The National Science
Foundation has awarded two Penn students and six alumni graduate research
grants. The NSF awards grants and fellowships to strengthen scientific
and engineering research potential, and education programs at all levels.
The winners are:
- Adina J. Alpert
whose graduate research includes computer modeling of the formation
of craters on Venus and on Europa, a moon of Jupiter;
- Kirsten Bomblies
whose area of study is biochemistry;
- Diane Beth Biray
who is an alumna of Wharton Business school and majored in entrepreneurial
- Yeung Tan Li
who graduated with a bachelors degree in material science;
- Ting F. Ng (EAS/W/G99),
whose primary interests are differential geometry and mathematical physics.
Last summer he worked for the NSF Research Experience for Undergraduate
Program at Williams College and did research on minimal surfaces;
- Dana Royer (C98),
whose research will involve the investigation for a technique that will
infer atmospheric CO2 concentrations in the geological
past, which is important for understanding how the earth operates
during times of high CO2 levels, she stated.
This is something most people are concerned with given the rising
CO2 levels in the last 20 years;
- Brian W. Smith
who is currently pursuing an engineering Ph.D. program here, is working
with carbon nanotypes. He describes them as a flat sheet of carbon atoms
rolled into a tube which could slide down the center of a DNA
strand. Ideally what could be discovered is a material that is
a hundred times stronger than steel but only one-sixth the weight. It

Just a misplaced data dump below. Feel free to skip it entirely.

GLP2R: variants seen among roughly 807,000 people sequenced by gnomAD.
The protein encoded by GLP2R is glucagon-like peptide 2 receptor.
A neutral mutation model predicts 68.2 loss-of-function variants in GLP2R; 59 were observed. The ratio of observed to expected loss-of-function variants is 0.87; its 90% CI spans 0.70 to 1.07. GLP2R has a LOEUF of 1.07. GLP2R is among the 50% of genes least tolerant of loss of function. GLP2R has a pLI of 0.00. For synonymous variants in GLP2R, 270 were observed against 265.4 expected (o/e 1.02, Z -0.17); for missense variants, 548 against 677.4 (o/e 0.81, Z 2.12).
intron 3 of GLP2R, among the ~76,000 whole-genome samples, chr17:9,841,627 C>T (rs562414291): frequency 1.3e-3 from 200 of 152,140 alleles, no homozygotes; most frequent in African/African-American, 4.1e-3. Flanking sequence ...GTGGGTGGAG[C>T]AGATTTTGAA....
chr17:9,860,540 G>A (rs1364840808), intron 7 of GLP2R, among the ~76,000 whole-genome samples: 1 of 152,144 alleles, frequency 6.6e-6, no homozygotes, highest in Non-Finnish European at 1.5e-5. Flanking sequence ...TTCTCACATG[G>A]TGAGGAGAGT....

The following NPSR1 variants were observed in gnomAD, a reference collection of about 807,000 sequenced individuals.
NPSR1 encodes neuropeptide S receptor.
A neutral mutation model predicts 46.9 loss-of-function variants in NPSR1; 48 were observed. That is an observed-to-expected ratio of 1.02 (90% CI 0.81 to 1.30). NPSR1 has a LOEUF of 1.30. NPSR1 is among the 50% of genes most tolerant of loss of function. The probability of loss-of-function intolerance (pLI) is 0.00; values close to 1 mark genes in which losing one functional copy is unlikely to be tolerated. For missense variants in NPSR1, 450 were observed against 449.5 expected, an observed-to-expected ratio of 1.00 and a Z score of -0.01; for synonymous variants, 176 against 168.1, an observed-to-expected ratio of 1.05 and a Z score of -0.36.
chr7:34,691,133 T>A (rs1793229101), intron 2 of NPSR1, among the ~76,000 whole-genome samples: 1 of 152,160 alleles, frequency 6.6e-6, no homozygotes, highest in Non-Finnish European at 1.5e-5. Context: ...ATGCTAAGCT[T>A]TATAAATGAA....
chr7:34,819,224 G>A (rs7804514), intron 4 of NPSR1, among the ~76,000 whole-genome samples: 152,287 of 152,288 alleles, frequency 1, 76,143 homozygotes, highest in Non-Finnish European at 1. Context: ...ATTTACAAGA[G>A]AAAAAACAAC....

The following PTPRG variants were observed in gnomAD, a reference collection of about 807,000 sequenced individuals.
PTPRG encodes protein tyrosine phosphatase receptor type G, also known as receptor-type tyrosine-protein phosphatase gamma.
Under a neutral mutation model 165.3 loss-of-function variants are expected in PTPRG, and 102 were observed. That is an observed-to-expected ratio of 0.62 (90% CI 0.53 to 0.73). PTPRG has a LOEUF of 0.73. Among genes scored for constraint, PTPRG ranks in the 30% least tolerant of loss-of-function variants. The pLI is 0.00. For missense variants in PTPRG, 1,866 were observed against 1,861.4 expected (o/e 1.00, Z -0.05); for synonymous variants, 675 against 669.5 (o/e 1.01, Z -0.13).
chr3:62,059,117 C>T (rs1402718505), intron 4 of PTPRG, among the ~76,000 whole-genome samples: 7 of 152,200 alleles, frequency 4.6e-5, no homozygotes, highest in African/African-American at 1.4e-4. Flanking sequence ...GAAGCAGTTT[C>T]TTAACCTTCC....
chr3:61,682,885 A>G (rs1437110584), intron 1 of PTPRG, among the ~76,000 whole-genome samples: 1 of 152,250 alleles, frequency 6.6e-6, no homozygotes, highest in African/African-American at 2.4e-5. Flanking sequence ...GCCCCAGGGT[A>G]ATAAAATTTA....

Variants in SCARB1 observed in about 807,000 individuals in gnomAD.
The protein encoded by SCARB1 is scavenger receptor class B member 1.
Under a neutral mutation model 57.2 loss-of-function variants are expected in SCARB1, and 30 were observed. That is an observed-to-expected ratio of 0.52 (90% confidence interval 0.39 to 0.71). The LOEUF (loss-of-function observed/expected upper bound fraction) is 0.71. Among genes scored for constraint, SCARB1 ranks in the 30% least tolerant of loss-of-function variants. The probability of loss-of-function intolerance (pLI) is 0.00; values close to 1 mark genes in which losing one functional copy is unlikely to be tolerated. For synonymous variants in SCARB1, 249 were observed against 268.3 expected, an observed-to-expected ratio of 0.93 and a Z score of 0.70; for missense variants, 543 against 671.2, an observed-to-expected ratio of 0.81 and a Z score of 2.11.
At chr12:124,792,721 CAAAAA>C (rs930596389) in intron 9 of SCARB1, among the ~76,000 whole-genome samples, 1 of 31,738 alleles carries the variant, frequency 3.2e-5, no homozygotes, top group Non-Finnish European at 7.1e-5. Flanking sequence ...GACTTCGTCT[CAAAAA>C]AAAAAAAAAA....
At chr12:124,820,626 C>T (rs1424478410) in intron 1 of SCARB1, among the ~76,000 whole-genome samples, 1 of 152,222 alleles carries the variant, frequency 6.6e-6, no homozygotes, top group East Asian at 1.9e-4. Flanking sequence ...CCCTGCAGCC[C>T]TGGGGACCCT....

could also be used as a conductor for electricity;
- Monique Timberlake
who is now in an anthropology Ph.D. program, is out of the country doing
work in the field. Her areas of interest are listed as western European
and Celtic artifacts.
- Clifford Haugen
and Cynthia Liebman
(C00) were recipients of Morris K. Udall scholarships.
Established by Congress in 1992 to honor the late former congressman
Morris King Udall, the Morris K. Udall Foundation awards $5,000 scholarships
to 75 outstanding scholars nationwide who demonstrate a commitment to
fields related to the environment, and to Native American and Alaska
Native students in health care or tribal public policy.
- Dan Fleder (EAS01)
and Josh Kohn
(M&T00) were each awarded a Bell Atlantic scholarship.
The $4,500 scholarship is awarded to one incoming junior and one incoming
senior who are interested in the social, political and economic aspects
of global telecommunications. The recipients must also demonstrate leadership
potential and top academic achievement.
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Originally published on September 2, 1999